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Proceedings of the Second Annual Convention of the Colored Citizens of the State of California, Held in the City of Sacramento, Dec. 9th, 10th, 11th, and 12th, 1856.


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cast our lot in the fortunes of battle, to protect her against foreign invasion.

Resolved, That the laws of evidence in judicial investigation, should be accommodated to, and identified with, the laws of the human mind, and, therefore, every force and circumstance having a tendency to throw light upon the subject under investigation, should be heard and judged of according to their relative weight and value, and with reference to all the circumstances of credit or discredit connected with them.

Resolved, That past experience has abundantly shown, that all attempts to establish artificial standards of credibility, depending upon such tests as race, color, creed, or country, are as unwise as they are unjust; that they serve only on the one side to obstruct the investigation of truth, by the erection of useless barriers; and, on the other, to defraud the excluded classes, while, at the same time, they subject them in their lives, in their persons, and in their property, to outrage and injustice, with impunity, from the more favored classes.

Resolved, That the true and only tests of credibility in a witness, are his intelligence, integrity, and disinterestedness; and that, as a race, we are willing to be subject to these tests, to be applied in each case as it occurs, and that we ought not to be subject to any other.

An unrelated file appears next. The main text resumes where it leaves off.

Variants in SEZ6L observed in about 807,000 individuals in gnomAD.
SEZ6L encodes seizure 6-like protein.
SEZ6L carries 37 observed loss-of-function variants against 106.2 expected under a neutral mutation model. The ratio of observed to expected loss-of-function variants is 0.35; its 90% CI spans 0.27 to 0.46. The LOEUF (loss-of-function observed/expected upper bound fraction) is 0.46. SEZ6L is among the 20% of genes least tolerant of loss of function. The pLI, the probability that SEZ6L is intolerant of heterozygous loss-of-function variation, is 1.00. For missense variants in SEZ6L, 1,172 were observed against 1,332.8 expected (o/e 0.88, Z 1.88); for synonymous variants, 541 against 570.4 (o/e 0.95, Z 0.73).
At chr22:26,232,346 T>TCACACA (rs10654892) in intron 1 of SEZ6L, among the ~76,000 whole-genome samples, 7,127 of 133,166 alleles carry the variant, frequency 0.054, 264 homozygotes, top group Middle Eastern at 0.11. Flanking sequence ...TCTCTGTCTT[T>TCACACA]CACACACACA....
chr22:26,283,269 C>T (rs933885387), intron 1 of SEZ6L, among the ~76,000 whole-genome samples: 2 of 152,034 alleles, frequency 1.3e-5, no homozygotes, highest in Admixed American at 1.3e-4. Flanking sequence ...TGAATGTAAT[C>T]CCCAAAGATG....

Resolved, That to a class of people, the right of testimony is as valuable as the right of self-defence-a right which no generous foe will deny even to an enemy.

Resolved, That we recommend the creation of a contigent fund, to be controlled by a committee, having discretionary power, to enable them to carry forward any measures that have for their object amelioration of our condition.

Resolved, That a State Executive Committee be appointed by the Convention, with full powers to adopt such measures as may be deemed expedient to accomplish the objects in view.

Resolved, That the common law, and the common school, are the only hope of a free and enlightened people; the former their shield, and the latter, their guide; and no people can be prosperous and happy who are deprived of these inestimable rights of God to man.

Resolved, That the character, integrity, industry, and intelligence of the colored citizens of California, will compare favorably with that of any class of men in this State, and are deserving of better treatment from the authorities than that to which they are exposed, by the legalizing of the principle (as applied to them) that "might makes right."

Resolved, That we will memorialize the Legislature at its approaching session, for the repeal of so much of the 3d and 4th paragraphs of Section 394, of an Act passed April 29th, 1851, entitled An Act to regulate proceedings in civil cases in the Courts of Justice in this State," as relates to negroes; also, to repeal so much of Section 14, of an Act entitled An Act concerning crimes and punishments," passed April 16th, 1850, as relates to negroes and mulattoes, and which disqualifies negroes and mulattoes from being competent witnesses in the Courts of Justice in this State, in cases or proceedings to which white persons are parties.

The Report of the Business Committee was accepted on motion of Mr. Anderson.

Mr. Henry moved to adopt the Report in sections:

Mr. Ferguson suggested that the preamble should be in order: adopted after the resolutions.

Resolutions No. 1 being read again, and upon the motion of Mr. Newby, adopted.

Resolution No. 2 read, and on motion of Mr. Barbadoes, adopted.

Resolution No. 3 read, Mr. Robinson moved its adoption--carried,

Resolution No. 4 was read, pending a motion to adopt it Mr. Newby said:

"I am opposed to the language of this resolution, 'that we hail with delight its onward progress;' no man can expect me to do this; a country whose prosperity and wealth has been built upon our sweat and blood; to say we hail its progress with delight, is to make ourselves ridiculous; to tell this to America--to the world--is to volunteer the acknowledgement of a degree

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